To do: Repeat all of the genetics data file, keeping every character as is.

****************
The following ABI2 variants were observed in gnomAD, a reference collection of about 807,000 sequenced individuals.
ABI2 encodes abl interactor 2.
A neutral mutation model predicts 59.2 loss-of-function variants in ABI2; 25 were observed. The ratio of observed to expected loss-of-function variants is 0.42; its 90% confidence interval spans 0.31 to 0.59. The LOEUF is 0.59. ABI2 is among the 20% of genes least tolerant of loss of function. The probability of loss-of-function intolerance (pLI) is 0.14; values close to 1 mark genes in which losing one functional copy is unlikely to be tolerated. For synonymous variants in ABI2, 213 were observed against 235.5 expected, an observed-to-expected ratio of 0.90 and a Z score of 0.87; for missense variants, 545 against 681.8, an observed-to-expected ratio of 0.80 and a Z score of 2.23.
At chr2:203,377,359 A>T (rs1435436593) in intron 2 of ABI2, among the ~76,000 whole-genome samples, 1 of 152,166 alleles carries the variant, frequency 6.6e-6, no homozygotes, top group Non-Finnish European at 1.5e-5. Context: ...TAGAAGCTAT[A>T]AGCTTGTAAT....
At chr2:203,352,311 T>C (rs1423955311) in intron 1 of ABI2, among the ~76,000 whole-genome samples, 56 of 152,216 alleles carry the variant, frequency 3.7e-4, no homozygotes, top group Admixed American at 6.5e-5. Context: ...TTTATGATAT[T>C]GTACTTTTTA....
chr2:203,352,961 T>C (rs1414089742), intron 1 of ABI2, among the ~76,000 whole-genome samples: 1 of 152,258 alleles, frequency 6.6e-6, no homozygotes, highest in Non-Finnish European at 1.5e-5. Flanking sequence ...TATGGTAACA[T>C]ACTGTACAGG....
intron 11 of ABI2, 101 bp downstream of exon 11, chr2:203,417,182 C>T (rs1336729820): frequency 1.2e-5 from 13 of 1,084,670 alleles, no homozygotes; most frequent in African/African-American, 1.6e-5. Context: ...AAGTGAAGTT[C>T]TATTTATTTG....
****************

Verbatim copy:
The following ABI2 variants were observed in gnomAD, a reference collection of about 807,000 sequenced individuals.
ABI2 encodes abl interactor 2.
A neutral mutation model predicts 59.2 loss-of-function variants in ABI2; 25 were observed. The ratio of observed to expected loss-of-function variants is 0.42; its 90% confidence interval spans 0.31 to 0.59. The LOEUF is 0.59. ABI2 is among the 20% of genes least tolerant of loss of function. The probability of loss-of-function intolerance (pLI) is 0.14; values close to 1 mark genes in which losing one functional copy is unlikely to be tolerated. For synonymous variants in ABI2, 213 were observed against 235.5 expected, an observed-to-expected ratio of 0.90 and a Z score of 0.87; for missense variants, 545 against 681.8, an observed-to-expected ratio of 0.80 and a Z score of 2.23.
At chr2:203,377,359 A>T (rs1435436593) in intron 2 of ABI2, among the ~76,000 whole-genome samples, 1 of 152,166 alleles carries the variant, frequency 6.6e-6, no homozygotes, top group Non-Finnish European at 1.5e-5. Context: ...TAGAAGCTAT[A>T]AGCTTGTAAT....
At chr2:203,352,311 T>C (rs1423955311) in intron 1 of ABI2, among the ~76,000 whole-genome samples, 56 of 152,216 alleles carry the variant, frequency 3.7e-4, no homozygotes, top group Admixed American at 6.5e-5. Context: ...TTTATGATAT[T>C]GTACTTTTTA....
chr2:203,352,961 T>C (rs1414089742), intron 1 of ABI2, among the ~76,000 whole-genome samples: 1 of 152,258 alleles, frequency 6.6e-6, no homozygotes, highest in Non-Finnish European at 1.5e-5. Flanking sequence ...TATGGTAACA[T>C]ACTGTACAGG....
intron 11 of ABI2, 101 bp downstream of exon 11, chr2:203,417,182 C>T (rs1336729820): frequency 1.2e-5 from 13 of 1,084,670 alleles, no homozygotes; most frequent in African/African-American, 1.6e-5. Context: ...AAGTGAAGTT[C>T]TATTTATTTG....